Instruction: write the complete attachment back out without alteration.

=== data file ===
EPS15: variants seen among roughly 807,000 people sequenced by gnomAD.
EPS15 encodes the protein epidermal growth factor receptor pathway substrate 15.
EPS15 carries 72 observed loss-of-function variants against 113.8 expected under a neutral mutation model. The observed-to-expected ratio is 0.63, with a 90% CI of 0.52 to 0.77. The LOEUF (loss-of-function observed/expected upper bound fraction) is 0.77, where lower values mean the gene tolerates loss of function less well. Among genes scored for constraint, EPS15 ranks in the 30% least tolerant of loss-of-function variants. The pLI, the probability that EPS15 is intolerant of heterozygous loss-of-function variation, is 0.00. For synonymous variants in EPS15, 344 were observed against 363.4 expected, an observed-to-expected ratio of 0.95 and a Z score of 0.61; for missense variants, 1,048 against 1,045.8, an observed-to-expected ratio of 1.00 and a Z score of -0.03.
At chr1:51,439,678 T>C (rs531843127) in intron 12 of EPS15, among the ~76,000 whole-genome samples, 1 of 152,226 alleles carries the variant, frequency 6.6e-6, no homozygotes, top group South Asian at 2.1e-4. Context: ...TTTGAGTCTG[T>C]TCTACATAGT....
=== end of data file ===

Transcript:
EPS15: variants seen among roughly 807,000 people sequenced by gnomAD.
EPS15 encodes the protein epidermal growth factor receptor pathway substrate 15.
EPS15 carries 72 observed loss-of-function variants against 113.8 expected under a neutral mutation model. The observed-to-expected ratio is 0.63, with a 90% CI of 0.52 to 0.77. The LOEUF (loss-of-function observed/expected upper bound fraction) is 0.77, where lower values mean the gene tolerates loss of function less well. Among genes scored for constraint, EPS15 ranks in the 30% least tolerant of loss-of-function variants. The pLI, the probability that EPS15 is intolerant of heterozygous loss-of-function variation, is 0.00. For synonymous variants in EPS15, 344 were observed against 363.4 expected, an observed-to-expected ratio of 0.95 and a Z score of 0.61; for missense variants, 1,048 against 1,045.8, an observed-to-expected ratio of 1.00 and a Z score of -0.03.
At chr1:51,439,678 T>C (rs531843127) in intron 12 of EPS15, among the ~76,000 whole-genome samples, 1 of 152,226 alleles carries the variant, frequency 6.6e-6, no homozygotes, top group South Asian at 2.1e-4. Context: ...TTTGAGTCTG[T>C]TCTACATAGT....